Australian wine exports increased by 11% in value to AUD 2.71 billion ($1.93 billion) and 5% in volume for the year ended 30 September, with strong growth in northeast Asia, according to new figures from Wine Australia.
Shipments of bottled wine were up by 8% in value to AUD 2.16 billion ($1.53 billion) and 2% in volume. Meanwhile, exports of unpackaged wine saw a 23% rise in value to AUD 525 million ($373 million) and a 9% increase in volume to 468 million litres.
There were also increases in the average value of wine exported, with a 7% rise for bottled wine to AUD 5.90 ($4.19) per litre and a 13% rise of unpackaged wine to AUD 1.12 ($0.8) per litre.
The positive figures come a year after the Australian government unveiled an AUD 50 million ($39.5 million) investment to promote the country’s wine exports and wine tourism offer.
Wine Australia CEO Andreas Clark said: “Today’s export figures show that there has been strong and sustainable growth over the past 12 months, delivering the third year of double-digit growth on a year ended September basis.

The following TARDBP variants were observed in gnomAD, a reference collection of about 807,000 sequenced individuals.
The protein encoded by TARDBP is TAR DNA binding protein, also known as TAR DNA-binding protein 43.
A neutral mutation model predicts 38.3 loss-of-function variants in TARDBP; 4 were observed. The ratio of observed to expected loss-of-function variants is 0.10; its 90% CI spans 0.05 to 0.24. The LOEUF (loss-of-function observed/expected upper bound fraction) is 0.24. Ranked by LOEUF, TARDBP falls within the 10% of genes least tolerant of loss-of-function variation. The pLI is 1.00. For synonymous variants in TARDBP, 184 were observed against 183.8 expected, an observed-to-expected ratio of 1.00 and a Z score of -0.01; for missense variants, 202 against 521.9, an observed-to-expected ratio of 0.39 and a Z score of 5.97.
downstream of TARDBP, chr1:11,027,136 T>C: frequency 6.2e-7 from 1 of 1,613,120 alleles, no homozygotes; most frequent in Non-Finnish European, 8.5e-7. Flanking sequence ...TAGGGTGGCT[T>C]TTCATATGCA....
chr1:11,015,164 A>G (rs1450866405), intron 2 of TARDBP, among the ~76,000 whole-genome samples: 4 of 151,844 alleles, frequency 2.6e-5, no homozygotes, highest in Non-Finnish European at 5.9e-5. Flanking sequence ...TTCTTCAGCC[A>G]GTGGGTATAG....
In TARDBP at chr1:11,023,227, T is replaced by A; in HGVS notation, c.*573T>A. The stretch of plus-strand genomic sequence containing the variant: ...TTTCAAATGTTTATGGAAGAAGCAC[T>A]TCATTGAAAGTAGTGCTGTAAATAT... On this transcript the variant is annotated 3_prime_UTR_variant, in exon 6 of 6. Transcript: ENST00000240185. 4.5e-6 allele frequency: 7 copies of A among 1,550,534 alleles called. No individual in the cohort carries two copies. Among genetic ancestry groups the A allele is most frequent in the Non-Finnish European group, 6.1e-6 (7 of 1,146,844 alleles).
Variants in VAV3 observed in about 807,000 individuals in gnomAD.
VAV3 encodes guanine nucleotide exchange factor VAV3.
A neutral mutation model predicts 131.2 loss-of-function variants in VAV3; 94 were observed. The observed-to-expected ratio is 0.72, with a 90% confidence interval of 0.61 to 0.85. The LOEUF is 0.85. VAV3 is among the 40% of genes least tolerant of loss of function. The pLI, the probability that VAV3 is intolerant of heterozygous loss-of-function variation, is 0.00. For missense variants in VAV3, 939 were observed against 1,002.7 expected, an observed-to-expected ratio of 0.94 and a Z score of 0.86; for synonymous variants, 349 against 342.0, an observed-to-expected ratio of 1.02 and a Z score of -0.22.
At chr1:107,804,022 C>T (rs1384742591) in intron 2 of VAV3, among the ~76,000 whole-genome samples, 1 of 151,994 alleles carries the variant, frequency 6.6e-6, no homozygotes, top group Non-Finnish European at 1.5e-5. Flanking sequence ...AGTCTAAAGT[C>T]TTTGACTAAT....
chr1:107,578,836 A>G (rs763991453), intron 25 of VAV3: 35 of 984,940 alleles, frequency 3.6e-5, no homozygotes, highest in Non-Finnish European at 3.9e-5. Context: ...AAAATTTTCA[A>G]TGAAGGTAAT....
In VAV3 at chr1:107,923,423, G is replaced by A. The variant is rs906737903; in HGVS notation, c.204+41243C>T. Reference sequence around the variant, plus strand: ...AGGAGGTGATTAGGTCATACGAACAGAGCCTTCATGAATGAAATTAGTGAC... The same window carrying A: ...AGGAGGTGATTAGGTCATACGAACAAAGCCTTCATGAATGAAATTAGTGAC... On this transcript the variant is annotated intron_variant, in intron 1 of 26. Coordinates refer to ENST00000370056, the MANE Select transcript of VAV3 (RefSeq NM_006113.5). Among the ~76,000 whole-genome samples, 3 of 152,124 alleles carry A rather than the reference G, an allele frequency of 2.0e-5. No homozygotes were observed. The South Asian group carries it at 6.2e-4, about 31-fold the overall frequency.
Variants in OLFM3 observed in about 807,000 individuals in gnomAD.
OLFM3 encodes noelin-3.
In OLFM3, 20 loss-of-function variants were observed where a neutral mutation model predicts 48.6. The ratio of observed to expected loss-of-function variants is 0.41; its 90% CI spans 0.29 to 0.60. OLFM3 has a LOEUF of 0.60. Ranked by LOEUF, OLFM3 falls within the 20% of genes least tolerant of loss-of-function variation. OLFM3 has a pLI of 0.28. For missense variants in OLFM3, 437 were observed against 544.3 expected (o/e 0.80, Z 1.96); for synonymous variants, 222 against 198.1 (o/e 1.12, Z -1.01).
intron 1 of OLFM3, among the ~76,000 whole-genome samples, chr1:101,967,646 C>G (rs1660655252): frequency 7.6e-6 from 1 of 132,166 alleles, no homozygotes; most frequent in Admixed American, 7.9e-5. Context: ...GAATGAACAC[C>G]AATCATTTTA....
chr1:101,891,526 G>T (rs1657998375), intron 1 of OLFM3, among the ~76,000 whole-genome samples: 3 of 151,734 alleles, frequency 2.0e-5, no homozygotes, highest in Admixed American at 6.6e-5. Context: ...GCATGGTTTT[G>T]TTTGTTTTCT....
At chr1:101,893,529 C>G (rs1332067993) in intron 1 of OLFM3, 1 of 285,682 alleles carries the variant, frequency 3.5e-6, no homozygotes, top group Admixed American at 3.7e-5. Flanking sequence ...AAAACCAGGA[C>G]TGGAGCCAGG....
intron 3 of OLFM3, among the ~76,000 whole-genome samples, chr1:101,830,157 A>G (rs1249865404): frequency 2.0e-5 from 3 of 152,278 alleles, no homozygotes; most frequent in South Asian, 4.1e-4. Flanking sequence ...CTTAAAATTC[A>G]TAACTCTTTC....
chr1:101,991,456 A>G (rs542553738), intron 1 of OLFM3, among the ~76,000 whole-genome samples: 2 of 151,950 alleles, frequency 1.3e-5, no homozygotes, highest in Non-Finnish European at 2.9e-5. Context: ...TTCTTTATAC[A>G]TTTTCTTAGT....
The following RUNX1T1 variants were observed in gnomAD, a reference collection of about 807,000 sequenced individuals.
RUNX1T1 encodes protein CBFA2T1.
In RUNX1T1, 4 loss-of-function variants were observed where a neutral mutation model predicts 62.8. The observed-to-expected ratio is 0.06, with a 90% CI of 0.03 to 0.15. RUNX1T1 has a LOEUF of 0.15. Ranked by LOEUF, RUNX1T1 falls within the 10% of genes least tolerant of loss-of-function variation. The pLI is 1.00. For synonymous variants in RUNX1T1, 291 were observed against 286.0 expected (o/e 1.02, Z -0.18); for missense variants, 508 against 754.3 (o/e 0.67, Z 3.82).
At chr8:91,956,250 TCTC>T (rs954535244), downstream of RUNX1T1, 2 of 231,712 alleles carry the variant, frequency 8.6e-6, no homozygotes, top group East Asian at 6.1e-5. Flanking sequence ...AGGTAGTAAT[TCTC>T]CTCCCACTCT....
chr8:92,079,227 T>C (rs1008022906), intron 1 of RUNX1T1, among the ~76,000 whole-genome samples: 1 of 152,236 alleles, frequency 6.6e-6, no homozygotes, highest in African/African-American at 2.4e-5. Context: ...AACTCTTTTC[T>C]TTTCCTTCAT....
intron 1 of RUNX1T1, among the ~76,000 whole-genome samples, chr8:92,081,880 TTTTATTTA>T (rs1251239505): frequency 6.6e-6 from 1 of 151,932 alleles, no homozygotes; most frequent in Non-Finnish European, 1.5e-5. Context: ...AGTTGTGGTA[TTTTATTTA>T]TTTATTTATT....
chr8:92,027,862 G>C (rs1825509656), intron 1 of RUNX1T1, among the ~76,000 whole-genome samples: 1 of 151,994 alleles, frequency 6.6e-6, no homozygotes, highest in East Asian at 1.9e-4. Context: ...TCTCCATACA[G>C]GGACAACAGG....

“These figures are the result of a lot of hard work by Australia’s 2,401 wine exporters, the people who spend time in market to build their brands, distribution networks and awareness of all that Australian wine has to offer consumers.
“Australia exports more than 60% of the wine we produce, so it’s important that we continue to build our export markets. Wine Australia is currently delivering Growing Wine Export workshops in regional Australia to help new and experienced exporters to grow their exports.”
Wine exports grew to all but one of the major destination regions. The standout growth of 24% was experienced in northeast Asia, where shipments grew to AUD 1.14 billion ($809.8 million) in value, while in North America, an AUD 16 million ($11.4 million) increase in exports to Canada only partially offset an AUD 38 million ($27 million) decline in exports to the US.
Clark added: “There is positive sentiment about Australian wine in the USA among key influencers and consumers. While consolidation at the distribution level of the three-tier system is proving to be a difficult barrier to overcome, the hard work of Australian exporters willing to get into market is starting to pay off.”
Earlier this year, Wine Australia and Australia’s National Wine and Grape Industry Centre signed an AUD 9 million ($6.6 million) agreement to develop new technologies and provide information for growers and winemakers to increase profitability and competitiveness, as well as improve environmental sustainability.
© FoodBev Media Ltd 2019